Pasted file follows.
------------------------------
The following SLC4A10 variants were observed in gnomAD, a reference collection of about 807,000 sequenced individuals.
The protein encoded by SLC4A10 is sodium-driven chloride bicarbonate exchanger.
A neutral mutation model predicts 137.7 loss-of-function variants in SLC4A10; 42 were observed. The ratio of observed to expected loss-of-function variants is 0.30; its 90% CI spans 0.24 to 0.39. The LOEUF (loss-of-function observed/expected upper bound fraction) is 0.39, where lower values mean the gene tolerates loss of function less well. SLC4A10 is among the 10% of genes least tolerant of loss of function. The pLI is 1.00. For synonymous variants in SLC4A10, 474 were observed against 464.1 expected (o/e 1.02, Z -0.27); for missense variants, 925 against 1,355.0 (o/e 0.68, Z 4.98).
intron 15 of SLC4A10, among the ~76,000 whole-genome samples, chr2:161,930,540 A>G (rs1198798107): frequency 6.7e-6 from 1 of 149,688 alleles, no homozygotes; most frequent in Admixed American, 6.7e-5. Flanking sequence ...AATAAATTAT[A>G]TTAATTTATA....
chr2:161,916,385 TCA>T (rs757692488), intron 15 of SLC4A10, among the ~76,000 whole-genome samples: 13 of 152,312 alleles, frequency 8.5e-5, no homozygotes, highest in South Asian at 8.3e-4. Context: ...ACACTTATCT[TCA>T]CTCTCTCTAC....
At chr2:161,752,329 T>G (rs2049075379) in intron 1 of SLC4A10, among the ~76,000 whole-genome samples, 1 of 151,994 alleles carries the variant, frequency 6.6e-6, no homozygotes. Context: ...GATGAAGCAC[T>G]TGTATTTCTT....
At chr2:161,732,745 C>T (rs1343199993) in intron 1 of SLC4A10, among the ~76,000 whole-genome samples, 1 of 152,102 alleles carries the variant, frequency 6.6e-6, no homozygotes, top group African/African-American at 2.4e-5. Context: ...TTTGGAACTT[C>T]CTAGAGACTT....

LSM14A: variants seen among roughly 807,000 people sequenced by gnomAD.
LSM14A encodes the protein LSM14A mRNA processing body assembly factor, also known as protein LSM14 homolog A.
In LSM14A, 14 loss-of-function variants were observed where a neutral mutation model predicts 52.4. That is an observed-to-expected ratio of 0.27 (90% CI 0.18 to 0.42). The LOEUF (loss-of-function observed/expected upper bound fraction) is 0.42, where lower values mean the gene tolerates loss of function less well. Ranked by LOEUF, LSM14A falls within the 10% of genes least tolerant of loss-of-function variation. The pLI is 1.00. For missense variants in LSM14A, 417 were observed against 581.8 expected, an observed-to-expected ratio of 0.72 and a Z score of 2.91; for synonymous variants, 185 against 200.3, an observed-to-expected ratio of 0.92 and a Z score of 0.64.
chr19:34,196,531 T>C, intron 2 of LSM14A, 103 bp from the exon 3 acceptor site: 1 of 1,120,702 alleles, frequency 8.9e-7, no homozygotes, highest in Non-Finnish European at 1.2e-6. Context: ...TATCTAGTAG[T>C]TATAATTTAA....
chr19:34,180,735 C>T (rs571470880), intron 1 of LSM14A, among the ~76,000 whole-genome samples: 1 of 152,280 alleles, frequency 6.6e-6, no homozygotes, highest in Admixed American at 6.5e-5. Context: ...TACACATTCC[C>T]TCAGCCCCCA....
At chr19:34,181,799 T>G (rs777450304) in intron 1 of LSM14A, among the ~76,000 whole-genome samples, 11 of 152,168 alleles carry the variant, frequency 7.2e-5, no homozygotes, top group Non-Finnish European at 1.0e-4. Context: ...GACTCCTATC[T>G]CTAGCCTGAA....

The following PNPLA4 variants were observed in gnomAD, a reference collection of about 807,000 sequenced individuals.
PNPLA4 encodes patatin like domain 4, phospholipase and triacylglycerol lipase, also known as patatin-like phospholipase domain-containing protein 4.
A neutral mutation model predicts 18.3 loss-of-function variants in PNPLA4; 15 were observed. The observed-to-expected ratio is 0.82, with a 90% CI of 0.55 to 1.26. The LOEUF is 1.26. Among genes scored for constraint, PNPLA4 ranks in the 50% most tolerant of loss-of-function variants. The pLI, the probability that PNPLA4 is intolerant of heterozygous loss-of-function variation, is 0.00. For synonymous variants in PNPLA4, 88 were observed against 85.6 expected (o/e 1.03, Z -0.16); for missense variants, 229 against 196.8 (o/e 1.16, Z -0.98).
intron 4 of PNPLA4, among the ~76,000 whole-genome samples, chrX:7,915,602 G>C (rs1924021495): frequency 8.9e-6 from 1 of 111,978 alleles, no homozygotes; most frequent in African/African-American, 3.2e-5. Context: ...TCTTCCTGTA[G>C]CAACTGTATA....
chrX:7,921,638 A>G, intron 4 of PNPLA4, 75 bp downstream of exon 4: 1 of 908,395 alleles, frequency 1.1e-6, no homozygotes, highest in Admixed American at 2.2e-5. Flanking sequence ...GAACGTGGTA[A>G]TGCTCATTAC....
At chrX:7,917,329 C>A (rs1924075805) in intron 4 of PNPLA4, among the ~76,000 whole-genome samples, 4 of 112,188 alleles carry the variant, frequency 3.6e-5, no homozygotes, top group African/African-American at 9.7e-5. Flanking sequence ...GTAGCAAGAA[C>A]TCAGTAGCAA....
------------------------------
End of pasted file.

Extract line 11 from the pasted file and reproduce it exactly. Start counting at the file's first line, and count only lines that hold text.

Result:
chr19:34,196,531 T>C, intron 2 of LSM14A, 103 bp from the exon 3 acceptor site: 1 of 1,120,702 alleles, frequency 8.9e-7, no homozygotes, highest in Non-Finnish European at 1.2e-6. Context: ...TATCTAGTAG[T>C]TATAATTTAA....